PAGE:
“I never expected to be homeless,” he recalls. “I was angry inside at the world.”

Enduring a decade of homelessness

Chris was homeless for more than a decade. And there were times when it would have been easy for him to give in to drinking, drugs and despair.

But two things kept him from that dark path: his own sense of personal discipline. And the patient, caring support he received from The House of Mercy.

Slowly, the anger subsided. He regained his faith in life. He began to change his selfish ways. And then he started giving back to The House of Mercy. He cooked in the kitchen. He worked in the clothing room. He helped C.W. pick up donations from all over Monroe County.

“I was hurting. There was bitterness there. But the people at The House helped me open up and learn to share. I learned that my reward is in doing for others, not receiving. It made me feel good to give back. And it was the right thing to do.”

Another life-changing event happened. He met a woman and fell in love. They dreamed of finding a place of their own.

The long struggle for a disability claim

But there was another challenge for Chris Coleman. His asthma was getting worse. He suffered from chronic pain and nerve damage. And he had lost all strength in his hands, depriving him of the ability to make things, which he truly loved to do.

In 2002, he finally filed for disability. But it took a seven-year bureaucratic struggle to get the help he deserved.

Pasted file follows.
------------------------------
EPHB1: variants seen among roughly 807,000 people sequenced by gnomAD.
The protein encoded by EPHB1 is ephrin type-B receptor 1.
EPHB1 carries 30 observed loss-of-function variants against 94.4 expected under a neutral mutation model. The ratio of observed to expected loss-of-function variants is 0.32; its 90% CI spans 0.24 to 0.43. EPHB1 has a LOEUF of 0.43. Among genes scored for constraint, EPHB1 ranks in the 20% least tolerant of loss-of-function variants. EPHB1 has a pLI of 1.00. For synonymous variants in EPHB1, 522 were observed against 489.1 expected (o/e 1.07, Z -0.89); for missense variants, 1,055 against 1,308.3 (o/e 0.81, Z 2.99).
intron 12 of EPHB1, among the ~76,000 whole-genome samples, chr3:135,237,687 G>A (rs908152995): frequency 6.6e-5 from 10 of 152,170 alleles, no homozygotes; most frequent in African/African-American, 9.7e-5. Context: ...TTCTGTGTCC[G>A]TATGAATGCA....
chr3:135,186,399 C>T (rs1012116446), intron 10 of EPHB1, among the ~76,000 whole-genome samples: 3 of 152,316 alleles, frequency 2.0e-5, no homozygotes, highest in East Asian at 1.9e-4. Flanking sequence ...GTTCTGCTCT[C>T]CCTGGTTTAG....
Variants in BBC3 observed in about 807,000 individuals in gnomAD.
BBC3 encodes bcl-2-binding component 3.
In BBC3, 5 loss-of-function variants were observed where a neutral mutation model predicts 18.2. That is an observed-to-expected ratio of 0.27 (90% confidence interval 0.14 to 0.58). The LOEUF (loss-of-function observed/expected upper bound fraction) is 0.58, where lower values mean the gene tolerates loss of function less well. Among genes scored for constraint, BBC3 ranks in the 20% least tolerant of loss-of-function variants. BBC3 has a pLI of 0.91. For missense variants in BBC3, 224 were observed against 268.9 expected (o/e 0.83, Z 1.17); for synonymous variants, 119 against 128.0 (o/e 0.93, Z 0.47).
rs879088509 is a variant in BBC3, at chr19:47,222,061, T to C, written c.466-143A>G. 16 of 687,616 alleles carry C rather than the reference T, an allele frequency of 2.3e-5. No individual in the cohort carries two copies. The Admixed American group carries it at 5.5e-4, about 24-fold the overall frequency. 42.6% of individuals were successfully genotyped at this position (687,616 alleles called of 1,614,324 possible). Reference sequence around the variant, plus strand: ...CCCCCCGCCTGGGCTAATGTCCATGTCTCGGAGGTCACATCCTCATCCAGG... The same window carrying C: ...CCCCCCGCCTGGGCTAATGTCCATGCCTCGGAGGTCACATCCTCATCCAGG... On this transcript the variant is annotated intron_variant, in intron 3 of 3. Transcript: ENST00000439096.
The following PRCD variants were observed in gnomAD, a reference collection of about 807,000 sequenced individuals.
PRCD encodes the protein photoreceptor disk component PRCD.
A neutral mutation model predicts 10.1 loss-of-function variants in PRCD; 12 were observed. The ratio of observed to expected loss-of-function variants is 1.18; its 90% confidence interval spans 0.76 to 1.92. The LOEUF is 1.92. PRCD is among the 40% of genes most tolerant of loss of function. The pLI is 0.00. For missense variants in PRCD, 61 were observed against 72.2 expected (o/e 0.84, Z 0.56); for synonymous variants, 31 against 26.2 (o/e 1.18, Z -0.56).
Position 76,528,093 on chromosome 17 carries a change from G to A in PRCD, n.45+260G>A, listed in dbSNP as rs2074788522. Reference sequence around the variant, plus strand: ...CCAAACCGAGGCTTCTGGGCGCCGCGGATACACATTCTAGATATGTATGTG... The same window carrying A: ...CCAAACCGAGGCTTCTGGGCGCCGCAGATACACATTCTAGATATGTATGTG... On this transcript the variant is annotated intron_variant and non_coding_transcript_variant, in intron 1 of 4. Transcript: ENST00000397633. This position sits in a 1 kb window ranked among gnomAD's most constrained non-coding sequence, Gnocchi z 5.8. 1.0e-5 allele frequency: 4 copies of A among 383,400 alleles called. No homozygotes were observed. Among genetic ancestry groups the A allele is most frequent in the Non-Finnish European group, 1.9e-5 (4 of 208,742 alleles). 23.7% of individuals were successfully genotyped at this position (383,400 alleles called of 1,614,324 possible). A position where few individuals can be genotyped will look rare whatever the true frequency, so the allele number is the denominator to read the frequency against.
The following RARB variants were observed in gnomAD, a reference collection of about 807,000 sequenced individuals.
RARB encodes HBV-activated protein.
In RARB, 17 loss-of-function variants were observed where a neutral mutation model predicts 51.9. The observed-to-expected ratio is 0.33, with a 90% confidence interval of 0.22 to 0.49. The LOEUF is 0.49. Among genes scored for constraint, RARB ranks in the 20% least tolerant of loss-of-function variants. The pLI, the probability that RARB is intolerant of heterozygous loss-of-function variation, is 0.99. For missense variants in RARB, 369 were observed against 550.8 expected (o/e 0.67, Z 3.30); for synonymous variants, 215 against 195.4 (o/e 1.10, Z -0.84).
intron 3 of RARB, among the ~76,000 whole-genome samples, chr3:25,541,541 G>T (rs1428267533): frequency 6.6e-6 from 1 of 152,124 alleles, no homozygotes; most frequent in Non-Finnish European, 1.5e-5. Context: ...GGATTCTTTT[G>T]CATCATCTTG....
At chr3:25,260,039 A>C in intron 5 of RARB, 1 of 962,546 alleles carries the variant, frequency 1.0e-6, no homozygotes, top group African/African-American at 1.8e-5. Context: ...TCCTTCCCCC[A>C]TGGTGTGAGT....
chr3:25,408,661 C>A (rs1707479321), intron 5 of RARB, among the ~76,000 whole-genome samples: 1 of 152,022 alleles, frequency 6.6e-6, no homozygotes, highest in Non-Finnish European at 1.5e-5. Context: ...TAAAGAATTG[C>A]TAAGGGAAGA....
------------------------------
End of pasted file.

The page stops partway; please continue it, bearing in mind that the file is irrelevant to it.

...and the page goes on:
When his claim was finally approved, Chris and his girlfriend moved into an apartment. And a decade of homelessness came to an end.

The people at The House were happy for his progress. But then he just seemed to disappear. For several months, no one knew what had happened to him.

Then one day there was a knock on Sister Grace’s door. She opened it to find Chris Coleman standing there with an envelope in his hand.

“I have nothing to give you but this,” Chris said to her. “And I want to thank you for helping me.’’

A remarkable act of generosity

Sister Grace remembers the moment clearly.

“He handed me the envelope and walked away,” Sister Grace says. “When I opened it, there was a check for $1,000 inside. I couldn’t believe it.

“Here was a man who had been homeless and picking up bottles for a living, and he was sharing his disability money with us. It was one of the most amazing gifts in our history.”

And that wasn’t the end to the story either.

A year later, Chris Coleman sent Sister Grace another check for $1,000. He didn’t even claim it as a charitable gift on his tax return. He just wanted to give back to the mission that had helped him get his life back on solid ground.

“I’m a humble person. I don’t have any big wants or needs. And I was never brought up to be greedy. So I was happy to share what I had. It felt good to do that.

“To show your appreciation, you have to give back. To make progress as a society, we all have to think of other people first.”

To make a contribution to our Capital Campaign you can donate online or by mailing a check to us at 725 Hudson Avenue Rochester, NY 14621.